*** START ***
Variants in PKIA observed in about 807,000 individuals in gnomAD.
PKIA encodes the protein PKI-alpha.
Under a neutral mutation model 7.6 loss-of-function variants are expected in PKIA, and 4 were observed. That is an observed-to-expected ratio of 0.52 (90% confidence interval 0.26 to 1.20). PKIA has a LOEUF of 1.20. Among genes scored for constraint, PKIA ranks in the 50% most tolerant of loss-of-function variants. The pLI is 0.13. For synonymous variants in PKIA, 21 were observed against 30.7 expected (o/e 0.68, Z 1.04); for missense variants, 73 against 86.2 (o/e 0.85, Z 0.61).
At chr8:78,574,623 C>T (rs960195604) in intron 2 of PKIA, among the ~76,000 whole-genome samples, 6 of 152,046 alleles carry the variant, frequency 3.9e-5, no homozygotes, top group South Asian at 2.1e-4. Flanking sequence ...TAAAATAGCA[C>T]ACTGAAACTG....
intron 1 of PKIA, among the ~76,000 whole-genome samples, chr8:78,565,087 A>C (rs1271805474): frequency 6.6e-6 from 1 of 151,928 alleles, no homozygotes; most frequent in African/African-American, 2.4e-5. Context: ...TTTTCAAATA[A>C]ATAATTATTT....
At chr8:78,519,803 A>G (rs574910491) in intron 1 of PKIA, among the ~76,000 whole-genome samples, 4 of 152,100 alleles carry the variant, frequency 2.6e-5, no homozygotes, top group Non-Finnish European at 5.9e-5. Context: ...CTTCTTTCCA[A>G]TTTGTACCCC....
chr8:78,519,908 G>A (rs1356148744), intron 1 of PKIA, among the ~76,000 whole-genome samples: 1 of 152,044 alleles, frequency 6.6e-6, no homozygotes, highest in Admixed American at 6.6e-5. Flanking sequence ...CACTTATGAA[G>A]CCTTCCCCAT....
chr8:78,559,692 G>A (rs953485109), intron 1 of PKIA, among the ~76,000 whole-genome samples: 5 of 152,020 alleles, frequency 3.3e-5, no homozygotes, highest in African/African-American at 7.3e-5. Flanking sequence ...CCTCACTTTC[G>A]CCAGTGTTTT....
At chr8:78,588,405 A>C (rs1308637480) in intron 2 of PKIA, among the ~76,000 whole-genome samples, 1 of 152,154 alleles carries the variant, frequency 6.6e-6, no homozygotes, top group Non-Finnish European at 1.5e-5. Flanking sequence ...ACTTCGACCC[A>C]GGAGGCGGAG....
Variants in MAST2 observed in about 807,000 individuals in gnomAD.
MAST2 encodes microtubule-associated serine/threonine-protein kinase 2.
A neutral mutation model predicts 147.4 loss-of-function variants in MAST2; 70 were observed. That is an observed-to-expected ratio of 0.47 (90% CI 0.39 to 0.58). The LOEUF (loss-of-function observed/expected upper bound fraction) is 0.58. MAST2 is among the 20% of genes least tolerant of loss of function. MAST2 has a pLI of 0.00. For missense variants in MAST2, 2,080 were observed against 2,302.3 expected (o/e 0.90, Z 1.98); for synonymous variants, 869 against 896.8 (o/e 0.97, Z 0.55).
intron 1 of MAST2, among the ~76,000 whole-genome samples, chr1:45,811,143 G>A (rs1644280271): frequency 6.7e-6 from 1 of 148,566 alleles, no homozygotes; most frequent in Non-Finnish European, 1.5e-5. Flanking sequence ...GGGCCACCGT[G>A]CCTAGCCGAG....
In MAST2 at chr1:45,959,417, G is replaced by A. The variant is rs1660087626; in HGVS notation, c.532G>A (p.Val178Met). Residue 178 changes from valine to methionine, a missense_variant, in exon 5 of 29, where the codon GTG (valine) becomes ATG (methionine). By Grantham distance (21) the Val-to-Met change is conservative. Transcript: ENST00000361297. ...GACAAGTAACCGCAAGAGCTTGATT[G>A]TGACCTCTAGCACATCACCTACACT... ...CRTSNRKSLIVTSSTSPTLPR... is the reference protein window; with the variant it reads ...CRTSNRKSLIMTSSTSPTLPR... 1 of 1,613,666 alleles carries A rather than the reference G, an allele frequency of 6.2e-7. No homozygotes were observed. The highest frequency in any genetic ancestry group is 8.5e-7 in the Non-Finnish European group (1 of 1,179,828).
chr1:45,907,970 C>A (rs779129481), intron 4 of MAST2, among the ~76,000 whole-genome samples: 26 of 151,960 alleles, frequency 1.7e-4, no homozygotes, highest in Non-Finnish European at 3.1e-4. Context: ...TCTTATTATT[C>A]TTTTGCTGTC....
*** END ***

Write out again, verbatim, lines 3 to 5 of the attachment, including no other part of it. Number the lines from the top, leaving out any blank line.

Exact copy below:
Under a neutral mutation model 7.6 loss-of-function variants are expected in PKIA, and 4 were observed. That is an observed-to-expected ratio of 0.52 (90% confidence interval 0.26 to 1.20). PKIA has a LOEUF of 1.20. Among genes scored for constraint, PKIA ranks in the 50% most tolerant of loss-of-function variants. The pLI is 0.13. For synonymous variants in PKIA, 21 were observed against 30.7 expected (o/e 0.68, Z 1.04); for missense variants, 73 against 86.2 (o/e 0.85, Z 0.61).
At chr8:78,574,623 C>T (rs960195604) in intron 2 of PKIA, among the ~76,000 whole-genome samples, 6 of 152,046 alleles carry the variant, frequency 3.9e-5, no homozygotes, top group South Asian at 2.1e-4. Flanking sequence ...TAAAATAGCA[C>T]ACTGAAACTG....
intron 1 of PKIA, among the ~76,000 whole-genome samples, chr8:78,565,087 A>C (rs1271805474): frequency 6.6e-6 from 1 of 151,928 alleles, no homozygotes; most frequent in African/African-American, 2.4e-5. Context: ...TTTTCAAATA[A>C]ATAATTATTT....